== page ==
Take Risks

Now is always the best time to take reasonable risks for your career. This can mean anything, from being willing to work for a small start-up or starting a new career path, to looking for new ways to contribute in your current job. It’s never too late to experiment and begin working on the things that you’ve always wanted to do. Taking risks allows you to continue to grow your skills in ways that make you an appealing candidate for future jobs.

Career Insights for Millennials

While establishing a fulfilling and meaningful career is important for many Millennials, to get there you have to be willing to put in a lot of hard work. You also have to be willing to listen to the advice of those who have come before you. Working with a mentor (or mentors) is a great way to speed up your learning and build your confidence.

Starting at the Bottom

"Starting at the bottom" is an unfortunate expression. People learn what their future opportunities will look like by working where they are. The place where you start is not the bottom, it's the beginning. The beginning may be less interesting than what you envisioned for yourself, which can be frustrating. But it's also a reliable way to get a better understanding of what your true dream job will actually be.

Get to Know Your Colleagues

It’s important to connect with colleagues and other professionals to help you grow in your career. Many people are put off by the idea of networking, because it seems shallow and inauthentic. That's a good instinct. The task ought to be to develop real relationships with people you can learn from, and who can learn from you. These are the types of relationships that will really help you to get your foot in the door when you want to move forward in your career. And, more importantly, some of them will become rich friendships.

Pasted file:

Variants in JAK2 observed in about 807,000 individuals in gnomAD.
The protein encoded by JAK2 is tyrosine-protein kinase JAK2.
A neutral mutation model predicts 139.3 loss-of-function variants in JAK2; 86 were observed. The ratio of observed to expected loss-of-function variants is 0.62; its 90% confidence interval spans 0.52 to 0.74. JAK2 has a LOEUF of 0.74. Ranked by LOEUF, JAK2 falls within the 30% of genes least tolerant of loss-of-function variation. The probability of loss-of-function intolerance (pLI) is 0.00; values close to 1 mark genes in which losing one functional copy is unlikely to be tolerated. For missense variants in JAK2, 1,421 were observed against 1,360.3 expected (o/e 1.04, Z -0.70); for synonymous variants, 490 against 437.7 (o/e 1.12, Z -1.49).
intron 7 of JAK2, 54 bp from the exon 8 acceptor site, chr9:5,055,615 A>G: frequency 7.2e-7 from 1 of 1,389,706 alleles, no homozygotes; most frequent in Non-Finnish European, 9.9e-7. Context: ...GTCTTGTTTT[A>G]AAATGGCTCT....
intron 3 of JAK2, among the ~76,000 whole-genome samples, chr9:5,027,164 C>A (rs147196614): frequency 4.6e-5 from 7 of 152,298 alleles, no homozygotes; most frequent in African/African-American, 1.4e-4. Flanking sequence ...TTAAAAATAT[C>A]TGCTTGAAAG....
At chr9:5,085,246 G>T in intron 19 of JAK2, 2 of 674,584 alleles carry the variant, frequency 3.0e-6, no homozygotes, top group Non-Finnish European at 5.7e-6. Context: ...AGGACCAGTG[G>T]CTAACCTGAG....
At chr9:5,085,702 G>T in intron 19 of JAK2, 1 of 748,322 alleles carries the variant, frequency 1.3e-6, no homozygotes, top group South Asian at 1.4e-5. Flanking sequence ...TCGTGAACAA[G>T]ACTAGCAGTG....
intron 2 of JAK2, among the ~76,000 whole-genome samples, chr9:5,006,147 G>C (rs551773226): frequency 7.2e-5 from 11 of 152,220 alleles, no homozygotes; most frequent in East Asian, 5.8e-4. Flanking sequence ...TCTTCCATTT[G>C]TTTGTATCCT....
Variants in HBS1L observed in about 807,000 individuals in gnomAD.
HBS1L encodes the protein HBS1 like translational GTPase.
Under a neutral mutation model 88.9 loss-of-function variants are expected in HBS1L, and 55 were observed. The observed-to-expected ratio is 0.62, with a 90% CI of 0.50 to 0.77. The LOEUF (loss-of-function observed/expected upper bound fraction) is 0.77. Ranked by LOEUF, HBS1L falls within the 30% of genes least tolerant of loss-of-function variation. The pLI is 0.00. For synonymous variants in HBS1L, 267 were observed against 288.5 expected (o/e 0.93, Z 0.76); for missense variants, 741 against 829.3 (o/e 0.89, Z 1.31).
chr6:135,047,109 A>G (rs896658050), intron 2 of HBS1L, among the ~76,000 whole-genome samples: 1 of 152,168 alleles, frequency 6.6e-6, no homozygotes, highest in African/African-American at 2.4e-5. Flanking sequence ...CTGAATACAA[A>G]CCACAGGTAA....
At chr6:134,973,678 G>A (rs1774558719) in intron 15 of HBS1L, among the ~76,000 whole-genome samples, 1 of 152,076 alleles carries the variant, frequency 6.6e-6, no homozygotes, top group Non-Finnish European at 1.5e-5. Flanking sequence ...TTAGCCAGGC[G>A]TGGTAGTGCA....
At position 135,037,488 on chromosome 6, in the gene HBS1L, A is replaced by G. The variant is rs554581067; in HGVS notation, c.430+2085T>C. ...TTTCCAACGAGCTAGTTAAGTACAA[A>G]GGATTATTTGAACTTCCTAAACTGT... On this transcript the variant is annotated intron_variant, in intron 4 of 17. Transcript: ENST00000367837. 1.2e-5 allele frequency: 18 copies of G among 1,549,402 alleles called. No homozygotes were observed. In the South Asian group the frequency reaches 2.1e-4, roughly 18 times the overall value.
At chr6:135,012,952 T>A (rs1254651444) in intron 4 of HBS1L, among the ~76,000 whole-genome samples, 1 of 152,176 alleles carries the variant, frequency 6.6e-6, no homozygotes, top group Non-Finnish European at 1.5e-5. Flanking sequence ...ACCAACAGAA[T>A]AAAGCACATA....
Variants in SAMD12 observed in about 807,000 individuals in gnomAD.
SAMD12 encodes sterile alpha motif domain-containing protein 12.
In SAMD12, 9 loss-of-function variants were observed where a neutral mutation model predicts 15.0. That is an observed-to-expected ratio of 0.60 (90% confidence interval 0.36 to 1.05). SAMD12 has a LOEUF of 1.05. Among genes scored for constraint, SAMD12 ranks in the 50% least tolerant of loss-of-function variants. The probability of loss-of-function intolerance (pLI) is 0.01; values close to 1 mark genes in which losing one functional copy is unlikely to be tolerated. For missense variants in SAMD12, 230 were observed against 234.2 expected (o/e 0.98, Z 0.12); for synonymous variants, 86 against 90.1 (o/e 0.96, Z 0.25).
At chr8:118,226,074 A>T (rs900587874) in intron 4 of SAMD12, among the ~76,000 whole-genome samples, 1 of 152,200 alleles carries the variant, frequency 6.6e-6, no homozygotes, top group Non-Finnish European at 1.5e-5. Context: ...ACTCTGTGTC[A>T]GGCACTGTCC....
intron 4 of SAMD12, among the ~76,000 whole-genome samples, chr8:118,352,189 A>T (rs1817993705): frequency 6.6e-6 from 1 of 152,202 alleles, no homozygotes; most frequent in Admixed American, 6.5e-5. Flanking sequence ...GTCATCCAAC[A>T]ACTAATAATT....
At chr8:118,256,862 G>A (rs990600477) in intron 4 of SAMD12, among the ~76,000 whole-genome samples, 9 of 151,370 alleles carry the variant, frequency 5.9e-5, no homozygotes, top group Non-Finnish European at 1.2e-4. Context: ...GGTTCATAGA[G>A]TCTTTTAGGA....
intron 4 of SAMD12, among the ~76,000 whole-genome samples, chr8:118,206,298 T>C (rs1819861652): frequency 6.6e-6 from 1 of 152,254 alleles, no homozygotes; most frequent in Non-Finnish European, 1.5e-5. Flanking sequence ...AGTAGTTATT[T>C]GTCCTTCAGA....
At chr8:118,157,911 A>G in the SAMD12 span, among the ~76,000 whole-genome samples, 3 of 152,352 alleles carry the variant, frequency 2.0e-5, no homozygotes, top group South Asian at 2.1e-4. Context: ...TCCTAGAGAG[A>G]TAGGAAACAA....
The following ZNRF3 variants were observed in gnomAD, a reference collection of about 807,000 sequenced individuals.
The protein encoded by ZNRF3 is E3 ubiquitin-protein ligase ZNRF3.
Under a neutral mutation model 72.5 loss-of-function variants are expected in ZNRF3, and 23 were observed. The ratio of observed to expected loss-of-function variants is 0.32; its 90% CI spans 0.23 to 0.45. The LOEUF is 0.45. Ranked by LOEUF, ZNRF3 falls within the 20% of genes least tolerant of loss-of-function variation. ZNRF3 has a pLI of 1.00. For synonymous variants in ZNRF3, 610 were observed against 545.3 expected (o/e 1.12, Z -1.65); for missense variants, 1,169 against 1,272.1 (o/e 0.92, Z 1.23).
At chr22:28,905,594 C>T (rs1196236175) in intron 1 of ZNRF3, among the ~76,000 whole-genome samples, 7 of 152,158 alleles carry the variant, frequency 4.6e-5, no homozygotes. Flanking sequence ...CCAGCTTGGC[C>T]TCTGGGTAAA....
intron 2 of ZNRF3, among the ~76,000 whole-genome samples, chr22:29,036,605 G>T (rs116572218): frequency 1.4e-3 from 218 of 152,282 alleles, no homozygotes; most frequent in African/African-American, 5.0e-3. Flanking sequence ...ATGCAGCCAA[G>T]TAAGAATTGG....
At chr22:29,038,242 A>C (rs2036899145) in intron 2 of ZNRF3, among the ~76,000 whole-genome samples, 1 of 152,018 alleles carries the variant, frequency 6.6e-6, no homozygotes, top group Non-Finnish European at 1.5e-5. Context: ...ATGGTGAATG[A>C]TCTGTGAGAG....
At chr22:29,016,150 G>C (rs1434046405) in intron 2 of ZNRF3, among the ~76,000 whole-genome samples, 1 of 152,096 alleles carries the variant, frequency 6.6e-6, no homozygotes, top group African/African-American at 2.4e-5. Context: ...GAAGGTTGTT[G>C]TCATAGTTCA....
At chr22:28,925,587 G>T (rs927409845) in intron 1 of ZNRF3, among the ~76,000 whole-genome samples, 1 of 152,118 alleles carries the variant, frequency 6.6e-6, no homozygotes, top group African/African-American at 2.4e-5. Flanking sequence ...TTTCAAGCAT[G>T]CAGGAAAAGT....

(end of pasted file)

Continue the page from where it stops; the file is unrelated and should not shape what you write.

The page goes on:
Develop Time Management Skills

When you're trying new things, it will always be a challenge to manage your time efficiently. One strategy that will help is to manage your energy carefully. You should devote enough time in your work schedule to perform tasks that require concentration and deep thought while you're fresh. Avoid checking your emails and other lighter tasks during those times. Once you’ve done your “real work,” you’ll be able to move on to other things like meetings, messages, phone calls, etc. You'll be most effective if you can develop the skill of quickly restoring and refreshing at key points every few hours in your day. Even 15 minutes can make a huge difference when repeated over time.

Success Takes Time

Establishing yourself in a fulfilling career takes time and effort. Those are table stakes. What will truly move you along is cultivating an attitude of patient and consistent experimentation, of becoming good at exploring your way into every successive dream job. By thinking strategically about where you want to be in the future, you’ll be able to find and keep a career that both pays the bills and that you enjoy doing.